Superman: Year One #1 (DC Comics)
It seems like every few years we get another take on the Man of Steel’s origin. Sometimes it’s a part of an ongoing story line, other times it’s a passion project. But I can’t think of a Superman origin story this high a pedigree on the creative side: Frank Miller and John Romita Jr. A new spin on the early days of Superman, Superman: Year One is a brand new installment of DC’s Black Label line of titles. For a tale that’s been told hundreds of thousands of times, every time a new Superman origin is told it has to have a new twist on the story of Kal-El’s arrival on Earth. It’s just too bad that Miller and Romita’s isn’t that interesting.
Retelling Clark Kent’s life from his birth up until high school graduation, Year One covers a lot of the same ground that many previous origins of the Man of Steel have. In fact, it covers so much of that same ground that I found myself skimming the pages of this book unintentionally, which is not a great sign for a prestige title like this. Miller spends too many pages meandering on strange aspects of Superman’s upbringing, and while he probably thinks it’s a good piece of character work, it ends up just feeling like a lot of wheel-spinning on Miller’s part.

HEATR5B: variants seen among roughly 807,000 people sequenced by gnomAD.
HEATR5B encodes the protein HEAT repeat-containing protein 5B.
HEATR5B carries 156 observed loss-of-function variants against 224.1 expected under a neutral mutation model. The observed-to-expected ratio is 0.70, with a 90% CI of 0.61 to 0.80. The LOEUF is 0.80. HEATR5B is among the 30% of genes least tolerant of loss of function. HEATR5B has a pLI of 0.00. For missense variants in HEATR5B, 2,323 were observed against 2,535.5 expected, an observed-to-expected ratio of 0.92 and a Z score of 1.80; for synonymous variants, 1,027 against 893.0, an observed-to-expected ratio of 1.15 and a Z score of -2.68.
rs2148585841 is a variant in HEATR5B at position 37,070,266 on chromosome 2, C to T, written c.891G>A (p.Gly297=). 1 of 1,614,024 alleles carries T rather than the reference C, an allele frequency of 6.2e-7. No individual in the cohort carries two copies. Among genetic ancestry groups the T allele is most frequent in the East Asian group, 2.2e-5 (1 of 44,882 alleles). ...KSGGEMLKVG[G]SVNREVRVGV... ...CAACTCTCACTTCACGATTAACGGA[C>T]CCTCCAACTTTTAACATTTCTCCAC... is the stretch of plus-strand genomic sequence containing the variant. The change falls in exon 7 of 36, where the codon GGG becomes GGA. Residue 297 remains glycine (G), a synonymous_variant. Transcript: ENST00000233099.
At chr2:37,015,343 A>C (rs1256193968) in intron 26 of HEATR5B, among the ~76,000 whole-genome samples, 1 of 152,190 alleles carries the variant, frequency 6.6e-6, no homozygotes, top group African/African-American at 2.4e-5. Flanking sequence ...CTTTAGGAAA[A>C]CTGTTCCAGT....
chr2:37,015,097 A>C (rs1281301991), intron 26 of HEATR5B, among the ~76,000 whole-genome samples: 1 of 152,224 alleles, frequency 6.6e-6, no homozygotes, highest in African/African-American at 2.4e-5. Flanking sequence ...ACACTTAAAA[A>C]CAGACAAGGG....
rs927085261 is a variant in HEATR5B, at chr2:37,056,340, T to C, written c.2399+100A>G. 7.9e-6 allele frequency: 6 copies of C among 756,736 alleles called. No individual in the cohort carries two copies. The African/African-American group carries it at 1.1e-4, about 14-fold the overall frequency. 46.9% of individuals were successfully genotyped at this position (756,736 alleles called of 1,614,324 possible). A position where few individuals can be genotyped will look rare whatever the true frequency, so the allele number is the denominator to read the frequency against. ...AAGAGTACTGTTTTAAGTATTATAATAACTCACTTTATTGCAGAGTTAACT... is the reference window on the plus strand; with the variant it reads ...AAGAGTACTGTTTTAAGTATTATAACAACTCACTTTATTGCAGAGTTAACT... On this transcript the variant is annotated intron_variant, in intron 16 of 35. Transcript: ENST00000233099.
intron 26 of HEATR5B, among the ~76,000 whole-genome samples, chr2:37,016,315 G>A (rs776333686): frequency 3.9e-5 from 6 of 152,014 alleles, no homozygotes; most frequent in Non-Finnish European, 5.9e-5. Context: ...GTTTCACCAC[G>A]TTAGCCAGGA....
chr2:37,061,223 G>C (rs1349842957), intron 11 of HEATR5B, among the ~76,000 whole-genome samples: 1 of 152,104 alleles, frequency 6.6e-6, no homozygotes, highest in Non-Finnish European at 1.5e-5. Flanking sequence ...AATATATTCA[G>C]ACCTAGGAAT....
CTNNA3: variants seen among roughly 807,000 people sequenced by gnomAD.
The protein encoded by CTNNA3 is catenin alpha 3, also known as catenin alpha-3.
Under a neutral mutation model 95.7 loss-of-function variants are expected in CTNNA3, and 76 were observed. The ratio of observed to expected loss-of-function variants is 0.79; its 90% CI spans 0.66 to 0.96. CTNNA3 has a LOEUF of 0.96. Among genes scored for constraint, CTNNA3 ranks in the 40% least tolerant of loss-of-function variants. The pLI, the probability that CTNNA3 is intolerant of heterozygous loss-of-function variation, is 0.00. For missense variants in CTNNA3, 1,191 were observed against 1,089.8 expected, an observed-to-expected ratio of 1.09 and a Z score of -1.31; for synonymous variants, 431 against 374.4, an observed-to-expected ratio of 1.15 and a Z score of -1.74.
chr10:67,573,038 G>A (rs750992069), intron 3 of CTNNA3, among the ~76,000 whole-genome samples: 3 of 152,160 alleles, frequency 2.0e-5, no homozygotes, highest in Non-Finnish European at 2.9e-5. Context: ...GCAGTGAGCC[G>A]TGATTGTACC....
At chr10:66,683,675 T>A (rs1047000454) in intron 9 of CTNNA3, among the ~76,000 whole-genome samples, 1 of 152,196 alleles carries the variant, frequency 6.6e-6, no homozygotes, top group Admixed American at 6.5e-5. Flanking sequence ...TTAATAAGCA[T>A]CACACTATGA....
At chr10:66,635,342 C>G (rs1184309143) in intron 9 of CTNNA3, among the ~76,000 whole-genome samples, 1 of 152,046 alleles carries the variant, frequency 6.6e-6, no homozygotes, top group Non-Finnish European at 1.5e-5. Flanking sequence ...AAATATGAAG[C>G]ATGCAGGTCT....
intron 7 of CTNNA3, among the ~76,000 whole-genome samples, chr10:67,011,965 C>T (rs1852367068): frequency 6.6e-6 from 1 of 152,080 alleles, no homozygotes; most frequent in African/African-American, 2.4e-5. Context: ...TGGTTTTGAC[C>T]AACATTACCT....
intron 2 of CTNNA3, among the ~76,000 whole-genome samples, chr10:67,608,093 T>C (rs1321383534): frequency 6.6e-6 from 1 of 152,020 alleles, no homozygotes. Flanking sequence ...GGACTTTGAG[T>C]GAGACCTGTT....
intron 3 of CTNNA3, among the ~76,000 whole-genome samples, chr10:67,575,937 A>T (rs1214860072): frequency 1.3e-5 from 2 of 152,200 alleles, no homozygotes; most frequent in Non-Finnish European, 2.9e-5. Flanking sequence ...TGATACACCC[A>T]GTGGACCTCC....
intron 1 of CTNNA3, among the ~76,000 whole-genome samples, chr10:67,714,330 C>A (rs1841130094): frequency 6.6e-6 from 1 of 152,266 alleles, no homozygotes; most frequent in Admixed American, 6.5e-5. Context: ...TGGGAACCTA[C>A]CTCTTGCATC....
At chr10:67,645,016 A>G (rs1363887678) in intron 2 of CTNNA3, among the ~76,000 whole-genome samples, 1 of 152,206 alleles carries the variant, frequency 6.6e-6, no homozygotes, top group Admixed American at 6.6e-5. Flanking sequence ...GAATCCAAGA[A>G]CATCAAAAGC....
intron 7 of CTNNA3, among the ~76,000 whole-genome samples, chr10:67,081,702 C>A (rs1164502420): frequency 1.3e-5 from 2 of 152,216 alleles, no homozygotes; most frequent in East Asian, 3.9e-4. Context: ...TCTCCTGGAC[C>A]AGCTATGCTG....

Not only does the plot meander, but Miller’s characterizations of major Superman characters tend to fall flat as well. Jonathan Kent basically exists to dispense wisdom to Clark, and Martha is pretty much nonexistent, played more as a dutiful housewife who has no scenes with Clark. She’s not even with Jonathan when Clark is discovered in the space craft, a narrative choice that stands as the oddest one in a book filled with weird decisions (like Clark enlisting in the Navy after high school).
On the art side of things, John Romita Jr’s pages are what you’d expect, so whether you’ll enjoy his art or hate it is entirely up to whether or not you appreciate his work in the first place. There’s nothing here to really make your jaw drop, because again, there’s not a lot of action in the book to begin with. As the book progresses and the plot picks up that will probably change, but right now this isn’t the bombastic story that DC is hyping it up as.
A lot of Miller’s work at DC ends up being revealed as being a part of his “Dark Knight Returns” universe, and if that becomes the case with Year One it might explain some of the narrative choices here. But as of right now it doesn’t make a lot of sense to tell Superman’s origin again. It honestly feels more like DC’s just letting Frank Miller do whatever he wants to ride out his exclusive contract with him. If you’re going to bother telling this story another time, you better have a good reason for it, and unfortunately it doesn’t seem like Miller and Romita, Jr do.